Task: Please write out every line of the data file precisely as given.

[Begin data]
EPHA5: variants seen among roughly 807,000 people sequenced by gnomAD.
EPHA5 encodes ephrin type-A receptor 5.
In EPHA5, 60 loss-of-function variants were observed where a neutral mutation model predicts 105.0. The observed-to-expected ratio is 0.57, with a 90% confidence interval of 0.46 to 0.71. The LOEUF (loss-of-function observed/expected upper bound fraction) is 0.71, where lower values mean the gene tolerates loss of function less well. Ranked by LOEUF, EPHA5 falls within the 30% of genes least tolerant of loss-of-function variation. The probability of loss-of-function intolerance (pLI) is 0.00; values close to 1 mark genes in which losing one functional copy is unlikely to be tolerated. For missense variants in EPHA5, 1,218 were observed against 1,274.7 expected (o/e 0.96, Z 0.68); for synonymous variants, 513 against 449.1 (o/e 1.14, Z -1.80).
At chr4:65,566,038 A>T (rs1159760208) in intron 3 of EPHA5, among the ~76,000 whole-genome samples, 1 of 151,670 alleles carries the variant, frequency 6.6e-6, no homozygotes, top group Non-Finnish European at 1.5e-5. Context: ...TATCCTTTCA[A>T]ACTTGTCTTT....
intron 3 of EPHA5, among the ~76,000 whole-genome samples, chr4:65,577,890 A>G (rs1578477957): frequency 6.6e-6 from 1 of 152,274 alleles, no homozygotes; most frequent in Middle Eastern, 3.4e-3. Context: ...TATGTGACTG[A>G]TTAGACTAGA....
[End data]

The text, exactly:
EPHA5: variants seen among roughly 807,000 people sequenced by gnomAD.
EPHA5 encodes ephrin type-A receptor 5.
In EPHA5, 60 loss-of-function variants were observed where a neutral mutation model predicts 105.0. The observed-to-expected ratio is 0.57, with a 90% confidence interval of 0.46 to 0.71. The LOEUF (loss-of-function observed/expected upper bound fraction) is 0.71, where lower values mean the gene tolerates loss of function less well. Ranked by LOEUF, EPHA5 falls within the 30% of genes least tolerant of loss-of-function variation. The probability of loss-of-function intolerance (pLI) is 0.00; values close to 1 mark genes in which losing one functional copy is unlikely to be tolerated. For missense variants in EPHA5, 1,218 were observed against 1,274.7 expected (o/e 0.96, Z 0.68); for synonymous variants, 513 against 449.1 (o/e 1.14, Z -1.80).
At chr4:65,566,038 A>T (rs1159760208) in intron 3 of EPHA5, among the ~76,000 whole-genome samples, 1 of 151,670 alleles carries the variant, frequency 6.6e-6, no homozygotes, top group Non-Finnish European at 1.5e-5. Context: ...TATCCTTTCA[A>T]ACTTGTCTTT....
intron 3 of EPHA5, among the ~76,000 whole-genome samples, chr4:65,577,890 A>G (rs1578477957): frequency 6.6e-6 from 1 of 152,274 alleles, no homozygotes; most frequent in Middle Eastern, 3.4e-3. Context: ...TATGTGACTG[A>G]TTAGACTAGA....